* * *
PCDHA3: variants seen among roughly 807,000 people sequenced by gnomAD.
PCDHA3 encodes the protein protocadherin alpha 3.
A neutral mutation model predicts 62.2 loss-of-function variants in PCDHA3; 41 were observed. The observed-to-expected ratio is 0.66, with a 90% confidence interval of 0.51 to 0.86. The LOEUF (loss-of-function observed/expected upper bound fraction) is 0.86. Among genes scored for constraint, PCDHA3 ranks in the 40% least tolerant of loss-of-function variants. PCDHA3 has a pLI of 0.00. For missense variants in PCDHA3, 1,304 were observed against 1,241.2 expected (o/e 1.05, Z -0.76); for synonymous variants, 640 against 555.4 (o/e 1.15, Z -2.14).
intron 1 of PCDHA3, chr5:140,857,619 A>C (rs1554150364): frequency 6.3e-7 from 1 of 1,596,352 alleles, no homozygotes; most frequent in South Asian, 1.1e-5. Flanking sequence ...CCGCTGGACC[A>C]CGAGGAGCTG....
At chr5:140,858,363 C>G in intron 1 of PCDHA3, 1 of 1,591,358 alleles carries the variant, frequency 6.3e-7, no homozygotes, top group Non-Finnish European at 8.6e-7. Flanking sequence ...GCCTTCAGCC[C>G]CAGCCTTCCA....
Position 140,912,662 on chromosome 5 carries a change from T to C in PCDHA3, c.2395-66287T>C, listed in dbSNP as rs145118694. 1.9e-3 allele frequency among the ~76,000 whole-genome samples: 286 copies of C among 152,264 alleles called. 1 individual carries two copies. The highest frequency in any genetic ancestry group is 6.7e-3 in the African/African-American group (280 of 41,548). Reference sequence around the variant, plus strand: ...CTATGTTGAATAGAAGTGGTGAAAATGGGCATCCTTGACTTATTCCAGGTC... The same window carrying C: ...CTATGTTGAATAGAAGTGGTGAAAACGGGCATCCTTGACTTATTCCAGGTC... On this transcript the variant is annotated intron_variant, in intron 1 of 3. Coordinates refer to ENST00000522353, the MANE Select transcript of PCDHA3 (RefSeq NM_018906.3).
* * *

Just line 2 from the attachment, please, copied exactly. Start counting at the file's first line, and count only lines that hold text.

PCDHA3 encodes the protein protocadherin alpha 3.